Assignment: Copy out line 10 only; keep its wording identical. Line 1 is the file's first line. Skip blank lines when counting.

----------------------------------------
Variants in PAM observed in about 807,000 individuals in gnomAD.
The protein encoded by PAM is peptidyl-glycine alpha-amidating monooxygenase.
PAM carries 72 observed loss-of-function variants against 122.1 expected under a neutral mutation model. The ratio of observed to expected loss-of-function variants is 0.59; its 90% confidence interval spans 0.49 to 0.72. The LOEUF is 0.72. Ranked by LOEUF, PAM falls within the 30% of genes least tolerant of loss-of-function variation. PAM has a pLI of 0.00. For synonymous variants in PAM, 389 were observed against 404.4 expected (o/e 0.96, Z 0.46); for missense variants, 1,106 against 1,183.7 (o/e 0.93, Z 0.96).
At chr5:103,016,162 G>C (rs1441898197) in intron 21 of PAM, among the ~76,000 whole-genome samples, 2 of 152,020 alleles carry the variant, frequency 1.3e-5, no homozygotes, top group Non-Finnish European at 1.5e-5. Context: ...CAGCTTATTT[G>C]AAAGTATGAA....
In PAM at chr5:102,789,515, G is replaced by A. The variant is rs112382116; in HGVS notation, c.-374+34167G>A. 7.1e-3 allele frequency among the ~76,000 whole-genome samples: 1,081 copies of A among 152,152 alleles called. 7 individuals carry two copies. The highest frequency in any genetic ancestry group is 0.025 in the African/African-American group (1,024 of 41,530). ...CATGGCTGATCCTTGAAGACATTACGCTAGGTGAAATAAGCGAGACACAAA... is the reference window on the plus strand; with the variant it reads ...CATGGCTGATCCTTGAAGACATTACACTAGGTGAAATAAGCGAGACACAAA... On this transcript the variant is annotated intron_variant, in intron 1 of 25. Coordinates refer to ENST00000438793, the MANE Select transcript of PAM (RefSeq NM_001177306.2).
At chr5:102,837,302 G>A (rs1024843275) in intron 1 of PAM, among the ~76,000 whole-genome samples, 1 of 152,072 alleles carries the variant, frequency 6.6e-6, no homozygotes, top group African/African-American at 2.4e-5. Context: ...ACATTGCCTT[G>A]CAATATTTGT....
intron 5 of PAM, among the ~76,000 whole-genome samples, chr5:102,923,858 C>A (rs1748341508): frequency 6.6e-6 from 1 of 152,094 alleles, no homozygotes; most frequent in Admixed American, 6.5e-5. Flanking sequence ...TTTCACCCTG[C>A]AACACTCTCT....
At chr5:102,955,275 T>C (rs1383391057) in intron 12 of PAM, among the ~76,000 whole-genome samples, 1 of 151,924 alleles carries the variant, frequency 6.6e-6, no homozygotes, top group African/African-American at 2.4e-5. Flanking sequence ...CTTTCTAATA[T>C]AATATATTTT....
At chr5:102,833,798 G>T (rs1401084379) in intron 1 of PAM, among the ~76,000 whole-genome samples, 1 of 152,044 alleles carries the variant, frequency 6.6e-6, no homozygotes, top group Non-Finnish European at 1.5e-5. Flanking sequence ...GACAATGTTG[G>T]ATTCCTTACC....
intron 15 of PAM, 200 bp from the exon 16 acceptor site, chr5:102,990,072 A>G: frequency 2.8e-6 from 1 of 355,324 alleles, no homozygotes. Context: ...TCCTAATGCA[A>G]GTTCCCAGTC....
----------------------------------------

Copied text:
intron 15 of PAM, 200 bp from the exon 16 acceptor site, chr5:102,990,072 A>G: frequency 2.8e-6 from 1 of 355,324 alleles, no homozygotes. Context: ...TCCTAATGCA[A>G]GTTCCCAGTC....